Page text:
No of course not. Some, he assumes, are good people. Pfft!

    Homer Dokes said: “Give the man (Trump) a break!”

    You do realize that this situation is entirely of his own making, and Trump is not apologizing — he’s doubling down. His hateful foaming-at-the-mouth rhetoric has gotten so bad that even his own party’s leadership has requested that he shut up.
    http://www.washingtonpost.com/politics/trump-could-damage-the-republican-image-party-leaders-worry/2015/07/08/2ec75b4c-25ab-11e5-b72c-2b7d516e1e0e_story.html

    Trump is an embarrassment to the GOP and to himself. Sadly, Homer likes this sort of hate speech and, amazingly, things this demonstrates the leadership qualities necessary to be president.

    Homer Dokes said: “Why does today’s society want to kick a man who has had what it takes to become a success?”

    Um, maybe it’s because he’s an orange-faced divisive big-mouth a-hole with a fox pelt on his head?

  18. Homer Dokes says:

    Or D) ‘Those’ who have never been in business for themselves.

    I for one would kick Mark Cuban. He has shown himself to be an absolute jerk.

    “It was pretty clear to everyone else”… you have a habit of encompassing ‘everyone’ within your statements. Given that Trump is currently at #2 in the poles and #1 in some…. I’m not so sure ‘everyone’ is in agreement with you.

    Again, I’m not and never have stated that I want to see him as president…. I have stated he would be a WHOLE lot better than what we have currently. I do however hope Trump goes the distance as he is forcing the conversations where they need to be… in reality. I’m so damned tired of other politicians talking about how they can ‘reach’ out to the other side it’s sickening. It’s the other side that has given us the current state of chaos and the nanny state we are in.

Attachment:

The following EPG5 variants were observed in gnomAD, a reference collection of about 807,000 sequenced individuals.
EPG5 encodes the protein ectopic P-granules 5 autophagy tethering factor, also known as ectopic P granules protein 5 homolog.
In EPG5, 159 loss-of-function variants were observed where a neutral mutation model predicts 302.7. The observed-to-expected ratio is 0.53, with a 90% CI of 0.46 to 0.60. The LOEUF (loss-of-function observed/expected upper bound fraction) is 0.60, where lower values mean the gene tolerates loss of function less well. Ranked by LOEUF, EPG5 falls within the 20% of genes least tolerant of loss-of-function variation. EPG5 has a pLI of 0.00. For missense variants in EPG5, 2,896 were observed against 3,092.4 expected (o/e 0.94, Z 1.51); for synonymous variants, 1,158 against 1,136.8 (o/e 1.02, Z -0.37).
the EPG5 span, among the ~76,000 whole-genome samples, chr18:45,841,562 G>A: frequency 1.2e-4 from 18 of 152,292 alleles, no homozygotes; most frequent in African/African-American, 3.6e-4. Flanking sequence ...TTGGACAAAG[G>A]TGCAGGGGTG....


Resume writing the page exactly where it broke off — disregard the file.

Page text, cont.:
I stand corrected, kudos to your wife and her service to our country.

    While we have indeed strayed ‘Off topic’ here a bit in this blog it has provided me an opportunity to ‘know’ you a bit better than I had prior. Not a lot… just a bit… enough to continue to give you the benefit of the doubt. I’ll stick around for a while. :)

  19. Homer Dokes says:

    Oh… and one last note… Vogel has also provided just enough commentary to let others know he’s a lost cause.

    If he is incapable of recognizing the difference between ‘hate’ speech and the truth it isn’t worth the time of day to continue with him any further. He can put his PC where it is most appropriate.

    It says something about a man who gets reduced to petty name calling.

    For the record… the GOP is an embarrassment to the GOP.

  20. Vogel says:

    Homer Dokes said: “Trump goes the distance as he is forcing the conversations where they need to be.”

    Um…really. Like the economy perhaps? Foreign policy? Education? Nope. Doubling down on birtherism — check. Whipping up the base into a foamy froth of Santorum by race baiting — check.

    Homer Dokes said: “Vogel has also provided just enough commentary to let others know he’s a lost cause. If he is incapable of recognizing the difference between ‘hate’ speech and the truth it isn’t worth the time of day to continue with him any further.